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Ok Spring Gurus...break this one down for me. While reading the documentation on Spring MVC, I cam e across this statement:

"....ApplicationContext instances in Spring can be scoped. In the web MVC framework, each DispatcherServlet has its own WebApplicationContext, which inherits all the beans already defined in the root WebApplicationContext. These inherited beans defined can be overridden in the servlet-specific scope, and new scope-specific beans can be defined local to a given servlet instance."

Spring Docs Reference

I have a few questions based on this:

  1. The statement implies that there can be more than one instance of DispatcherServlet. Is that totally NOT true because in a web app, only one instance of a Servlet can (and should ideally) exists?
  2. What exactly does "servlet-specific scope" mean in the context of the above statement?
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1 Answer 1

Is that not totally NOT true

This translates to "occasionally true," which I don't think is what you meant.

in a web app, only one instance of a Servlet can (and should ideally) exists

This is not totally incorrect -- just mostly incorrect. You are confusing the <servlet> element of the deployment descriptor (web.xml) with the class implementing that servlet.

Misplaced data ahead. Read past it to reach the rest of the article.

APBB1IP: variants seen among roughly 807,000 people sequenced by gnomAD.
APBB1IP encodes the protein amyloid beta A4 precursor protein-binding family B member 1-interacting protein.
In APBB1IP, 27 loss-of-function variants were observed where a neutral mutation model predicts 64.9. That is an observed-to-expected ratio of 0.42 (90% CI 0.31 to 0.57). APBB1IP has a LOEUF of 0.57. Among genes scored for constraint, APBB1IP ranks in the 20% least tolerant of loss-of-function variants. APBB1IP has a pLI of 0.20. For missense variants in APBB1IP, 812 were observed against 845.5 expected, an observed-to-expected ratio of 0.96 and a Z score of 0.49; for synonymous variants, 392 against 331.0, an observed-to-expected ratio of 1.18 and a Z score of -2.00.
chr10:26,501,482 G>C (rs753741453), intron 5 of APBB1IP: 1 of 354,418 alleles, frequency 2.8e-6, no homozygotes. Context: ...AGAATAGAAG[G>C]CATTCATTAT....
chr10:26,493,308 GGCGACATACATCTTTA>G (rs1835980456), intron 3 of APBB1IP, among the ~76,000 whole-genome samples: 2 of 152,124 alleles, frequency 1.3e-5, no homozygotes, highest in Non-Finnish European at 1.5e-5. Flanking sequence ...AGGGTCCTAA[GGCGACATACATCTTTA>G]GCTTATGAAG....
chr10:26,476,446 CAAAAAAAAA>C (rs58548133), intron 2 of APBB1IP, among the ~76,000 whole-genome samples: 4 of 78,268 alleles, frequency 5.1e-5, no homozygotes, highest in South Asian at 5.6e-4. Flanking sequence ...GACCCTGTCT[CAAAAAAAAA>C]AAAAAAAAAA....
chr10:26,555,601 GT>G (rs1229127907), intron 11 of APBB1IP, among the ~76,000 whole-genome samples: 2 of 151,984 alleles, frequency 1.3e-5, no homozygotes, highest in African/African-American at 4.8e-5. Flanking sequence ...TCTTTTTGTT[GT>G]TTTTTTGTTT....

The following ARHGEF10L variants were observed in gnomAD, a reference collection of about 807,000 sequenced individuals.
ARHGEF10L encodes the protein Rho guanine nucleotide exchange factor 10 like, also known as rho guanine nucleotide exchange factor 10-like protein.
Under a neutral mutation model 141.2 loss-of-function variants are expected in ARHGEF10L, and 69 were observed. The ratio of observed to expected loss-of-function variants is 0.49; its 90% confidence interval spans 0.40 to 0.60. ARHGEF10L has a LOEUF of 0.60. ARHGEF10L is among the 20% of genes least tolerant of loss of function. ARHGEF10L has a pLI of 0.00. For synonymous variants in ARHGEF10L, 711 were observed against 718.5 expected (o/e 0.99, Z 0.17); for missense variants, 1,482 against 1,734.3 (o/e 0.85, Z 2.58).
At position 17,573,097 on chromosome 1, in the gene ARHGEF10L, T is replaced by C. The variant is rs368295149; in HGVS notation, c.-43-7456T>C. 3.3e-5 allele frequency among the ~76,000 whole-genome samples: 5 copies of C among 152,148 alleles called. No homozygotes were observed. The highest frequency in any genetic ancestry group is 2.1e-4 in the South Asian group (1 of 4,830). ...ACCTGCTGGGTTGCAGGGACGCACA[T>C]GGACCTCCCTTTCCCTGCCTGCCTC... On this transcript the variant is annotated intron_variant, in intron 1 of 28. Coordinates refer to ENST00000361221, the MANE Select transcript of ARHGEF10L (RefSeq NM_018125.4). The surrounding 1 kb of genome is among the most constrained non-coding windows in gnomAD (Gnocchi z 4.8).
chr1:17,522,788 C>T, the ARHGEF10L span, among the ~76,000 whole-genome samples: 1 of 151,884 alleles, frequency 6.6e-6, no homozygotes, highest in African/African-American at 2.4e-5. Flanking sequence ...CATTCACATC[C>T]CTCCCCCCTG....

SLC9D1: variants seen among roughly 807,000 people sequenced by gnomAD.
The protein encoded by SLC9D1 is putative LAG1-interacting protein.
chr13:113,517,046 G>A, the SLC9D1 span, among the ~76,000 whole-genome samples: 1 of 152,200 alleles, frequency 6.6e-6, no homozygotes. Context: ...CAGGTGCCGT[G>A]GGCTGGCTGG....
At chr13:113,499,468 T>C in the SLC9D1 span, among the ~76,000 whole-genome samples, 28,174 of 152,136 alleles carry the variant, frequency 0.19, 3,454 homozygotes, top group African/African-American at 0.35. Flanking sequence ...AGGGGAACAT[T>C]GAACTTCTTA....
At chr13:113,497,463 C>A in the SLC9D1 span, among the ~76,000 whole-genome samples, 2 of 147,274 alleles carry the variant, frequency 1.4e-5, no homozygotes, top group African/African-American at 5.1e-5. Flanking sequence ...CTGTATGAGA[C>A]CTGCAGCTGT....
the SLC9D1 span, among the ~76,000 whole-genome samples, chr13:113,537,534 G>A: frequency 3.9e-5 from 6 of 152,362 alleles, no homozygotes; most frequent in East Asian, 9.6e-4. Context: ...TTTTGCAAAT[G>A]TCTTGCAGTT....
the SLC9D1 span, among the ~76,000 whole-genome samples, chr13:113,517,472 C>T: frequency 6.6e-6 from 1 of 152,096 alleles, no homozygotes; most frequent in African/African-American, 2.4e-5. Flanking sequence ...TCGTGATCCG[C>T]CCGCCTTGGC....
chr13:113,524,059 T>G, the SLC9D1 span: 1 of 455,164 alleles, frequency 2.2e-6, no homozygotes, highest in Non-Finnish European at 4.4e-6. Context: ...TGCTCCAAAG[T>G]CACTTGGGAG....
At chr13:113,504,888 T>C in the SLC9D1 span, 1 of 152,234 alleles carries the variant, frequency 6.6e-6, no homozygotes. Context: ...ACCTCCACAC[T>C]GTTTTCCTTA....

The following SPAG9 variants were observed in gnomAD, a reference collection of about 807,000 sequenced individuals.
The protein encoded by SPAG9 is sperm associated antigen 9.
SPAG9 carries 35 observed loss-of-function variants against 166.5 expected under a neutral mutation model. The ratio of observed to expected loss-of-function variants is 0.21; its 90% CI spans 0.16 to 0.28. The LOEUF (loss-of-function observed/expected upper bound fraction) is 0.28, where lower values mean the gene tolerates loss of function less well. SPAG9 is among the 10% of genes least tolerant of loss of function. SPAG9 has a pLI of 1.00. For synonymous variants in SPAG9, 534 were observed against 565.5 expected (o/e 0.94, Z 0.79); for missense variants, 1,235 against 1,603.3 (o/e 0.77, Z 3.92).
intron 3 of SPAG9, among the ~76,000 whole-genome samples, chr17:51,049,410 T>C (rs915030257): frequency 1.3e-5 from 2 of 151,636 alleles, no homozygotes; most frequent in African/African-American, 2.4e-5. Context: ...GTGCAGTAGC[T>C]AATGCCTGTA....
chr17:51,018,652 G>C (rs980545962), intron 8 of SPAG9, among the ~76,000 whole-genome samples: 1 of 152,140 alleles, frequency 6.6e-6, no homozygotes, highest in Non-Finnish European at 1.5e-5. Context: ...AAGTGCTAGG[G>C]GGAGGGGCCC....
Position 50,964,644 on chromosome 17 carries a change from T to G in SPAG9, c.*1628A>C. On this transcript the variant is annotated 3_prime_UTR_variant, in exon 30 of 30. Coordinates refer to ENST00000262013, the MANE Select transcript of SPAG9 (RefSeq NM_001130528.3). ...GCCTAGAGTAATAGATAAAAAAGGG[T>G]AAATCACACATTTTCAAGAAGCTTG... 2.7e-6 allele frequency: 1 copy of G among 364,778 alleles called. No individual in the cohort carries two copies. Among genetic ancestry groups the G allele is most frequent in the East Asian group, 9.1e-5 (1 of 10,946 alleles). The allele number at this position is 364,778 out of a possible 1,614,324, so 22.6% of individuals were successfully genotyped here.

It's true that, except in some limited cases, the container is allowed to only instantiate one instance of the class per servlet. However, you can have multiple <servlet> entries that all specify the same class.

What exactly does "servlet-specific scope" mean in the context of the above statement

As a not-very-good example (indeed, I think there are few good examples): you might have an application that supports multiple clients, each of whom have different URLs, and different databases, but are otherwise identical. You can define your business objects in the root config, and the datasource in the web-app config. As well as any client-specific configuration beans.

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I corrected my mistake with 'not' as you pointed above, thank you. Anyway, nice explanation. I think that clears a lot. However, I'm still scratching my head about why you would want to have multiple similar servlets in one web app, just to handle requests mapped differently. Why not have different web apps, with each having a different context path? Wouldn't the former case (multiple similar servlets in one web app to handle different urls) simply be a recipe for serious headache? –  mainas Sep 2 '12 at 20:59

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